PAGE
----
people about animals and their habitats is one of the most important
goals of a zoo. People need to understand these things in order to
better help our animal friends, perhaps even save them from extinction.
There are a number of ways that zoos accomplish
this. Recently we e-mailed Beth Verhanovitz, education director of
the Elmwood Park Zoo with questions about how the zoo informs people
about animals. Here are her responses:
Q.: What does the zoo do to educate people on the animals?
Currently, the zoo educates the public using a variety of
programs including, animal shows for school groups, Zoo-On Wheel
programs for schools, day cares, and nursing homes, parent-child
workshops, summer day camp, family programs, and written articles in our
newsletter the "ZooNooz".
Q.: How much training does it take to get the animals to perform
in public shows?
A.: Training depends on the type of animal. For reptiles, as long
as the animal has been handled since it was young, there is very
little training involved. Mammals also are not generally difficult
if they are around humans from when they were young. Birds can
be very difficult to train and it may take years to properly train a
Q.: How often do you give performances?
A.: On average, we give one performance per day from
November- March. We can give up to 8 shows a day during the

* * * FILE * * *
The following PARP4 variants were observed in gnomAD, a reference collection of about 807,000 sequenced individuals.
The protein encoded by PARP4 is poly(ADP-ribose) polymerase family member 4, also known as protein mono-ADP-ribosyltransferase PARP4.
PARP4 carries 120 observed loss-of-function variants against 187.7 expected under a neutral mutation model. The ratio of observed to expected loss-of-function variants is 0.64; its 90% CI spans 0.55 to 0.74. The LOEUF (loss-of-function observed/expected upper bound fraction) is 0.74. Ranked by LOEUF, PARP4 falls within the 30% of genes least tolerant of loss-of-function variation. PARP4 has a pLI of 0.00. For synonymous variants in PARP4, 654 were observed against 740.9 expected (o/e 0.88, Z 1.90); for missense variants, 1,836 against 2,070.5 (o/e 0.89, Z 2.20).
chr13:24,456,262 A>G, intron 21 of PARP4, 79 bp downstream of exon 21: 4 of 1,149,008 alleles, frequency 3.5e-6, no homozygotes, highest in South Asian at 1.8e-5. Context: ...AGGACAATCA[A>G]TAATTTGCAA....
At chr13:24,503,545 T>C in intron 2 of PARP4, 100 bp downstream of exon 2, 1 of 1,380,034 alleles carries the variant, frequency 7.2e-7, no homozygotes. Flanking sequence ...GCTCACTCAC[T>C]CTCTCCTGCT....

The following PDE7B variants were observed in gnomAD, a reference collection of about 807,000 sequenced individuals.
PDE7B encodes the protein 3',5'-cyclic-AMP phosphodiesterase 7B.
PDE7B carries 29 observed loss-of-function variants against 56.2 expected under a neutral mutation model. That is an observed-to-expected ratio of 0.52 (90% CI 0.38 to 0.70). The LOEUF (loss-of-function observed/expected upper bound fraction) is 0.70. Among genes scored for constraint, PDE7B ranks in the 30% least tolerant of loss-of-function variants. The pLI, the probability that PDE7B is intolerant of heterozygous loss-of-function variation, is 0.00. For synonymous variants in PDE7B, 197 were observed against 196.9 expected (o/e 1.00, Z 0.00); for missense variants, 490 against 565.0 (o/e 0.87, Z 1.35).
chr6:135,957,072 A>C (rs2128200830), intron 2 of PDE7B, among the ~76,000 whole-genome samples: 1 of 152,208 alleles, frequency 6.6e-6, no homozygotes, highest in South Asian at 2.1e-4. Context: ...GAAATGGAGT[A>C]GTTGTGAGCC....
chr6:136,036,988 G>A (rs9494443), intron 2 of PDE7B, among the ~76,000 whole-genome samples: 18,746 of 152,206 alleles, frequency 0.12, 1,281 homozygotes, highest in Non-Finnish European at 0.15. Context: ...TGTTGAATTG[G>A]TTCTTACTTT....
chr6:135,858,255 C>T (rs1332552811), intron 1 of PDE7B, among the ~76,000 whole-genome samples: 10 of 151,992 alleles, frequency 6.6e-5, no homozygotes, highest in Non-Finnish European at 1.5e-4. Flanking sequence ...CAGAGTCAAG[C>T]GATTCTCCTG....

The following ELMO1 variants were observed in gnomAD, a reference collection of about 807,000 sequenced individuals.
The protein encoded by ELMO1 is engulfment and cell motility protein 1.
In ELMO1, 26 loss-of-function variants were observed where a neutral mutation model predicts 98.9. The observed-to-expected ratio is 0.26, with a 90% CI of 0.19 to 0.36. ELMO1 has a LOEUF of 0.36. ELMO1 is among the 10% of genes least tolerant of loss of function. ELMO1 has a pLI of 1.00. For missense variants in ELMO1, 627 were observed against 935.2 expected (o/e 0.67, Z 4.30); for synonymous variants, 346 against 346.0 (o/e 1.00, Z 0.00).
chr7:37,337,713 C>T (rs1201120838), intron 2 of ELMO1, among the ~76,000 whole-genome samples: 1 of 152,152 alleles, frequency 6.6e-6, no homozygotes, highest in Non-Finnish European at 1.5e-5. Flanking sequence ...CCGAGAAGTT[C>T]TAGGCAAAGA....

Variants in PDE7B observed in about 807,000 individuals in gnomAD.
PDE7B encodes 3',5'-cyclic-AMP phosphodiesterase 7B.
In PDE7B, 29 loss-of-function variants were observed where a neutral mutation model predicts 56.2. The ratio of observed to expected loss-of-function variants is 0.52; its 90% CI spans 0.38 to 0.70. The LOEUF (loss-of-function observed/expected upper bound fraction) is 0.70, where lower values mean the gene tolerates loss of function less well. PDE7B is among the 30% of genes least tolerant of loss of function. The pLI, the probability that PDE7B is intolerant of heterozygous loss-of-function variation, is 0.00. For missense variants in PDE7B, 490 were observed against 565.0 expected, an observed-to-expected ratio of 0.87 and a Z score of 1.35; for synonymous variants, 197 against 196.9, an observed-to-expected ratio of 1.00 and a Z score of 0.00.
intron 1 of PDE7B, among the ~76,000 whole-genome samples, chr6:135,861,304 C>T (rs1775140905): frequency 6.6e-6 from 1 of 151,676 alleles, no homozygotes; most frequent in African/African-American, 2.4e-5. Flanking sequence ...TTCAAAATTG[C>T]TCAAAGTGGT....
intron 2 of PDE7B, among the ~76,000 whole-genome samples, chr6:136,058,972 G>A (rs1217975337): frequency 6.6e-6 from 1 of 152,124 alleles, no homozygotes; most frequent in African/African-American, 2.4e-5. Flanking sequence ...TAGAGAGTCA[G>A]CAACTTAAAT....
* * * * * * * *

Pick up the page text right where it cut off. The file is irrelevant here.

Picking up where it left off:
busy spring and summer months.
Q.: Are the animals very cooperative at first?
Reptiles tend to be laid back, and are usually cooperative.
The only exception is adult reptiles who have never, or very
rarely, been handled. Our mammals tend to come to us as babies or very
young, so we have few problems with them.
Our birds were wild, injured, rehabilitated, and deemed
non-releasable. They are
usually not cooperative at first.
Q.: What do you do to get the animals to cooperate if they
donít? Do you give them treats? What kind of treats do you give
A.: Since it is usually only the birds that don't cooperate, we can
bring them treats so they will come close to us and begin to trust
us. A treat for our birds may be a dead chick or mouse.
Sometimes, we can give our mammals a treat after a show. This
might be hay or worms depending on the type of animals. Other
times, we will give our mammals exercise outside as a treat.
Q.: What ideas do you have for future education of people?
Environmental education is extremely important, especially for
children. In order for the
problems we have now to be fixed, people need to understand and
appreciate the reason it is a problem in the first place.
Future plans for education include offering a newsletter that is
just from the education department.
It would have more articles related to animals and education and
a special activities section for children.
I would also like to
see more informal, educational opportunities at the zoo, including more
touch tables, activity stations, and guides to explain and discuss our
animals. The education
department would also like to start offering teacher workshops.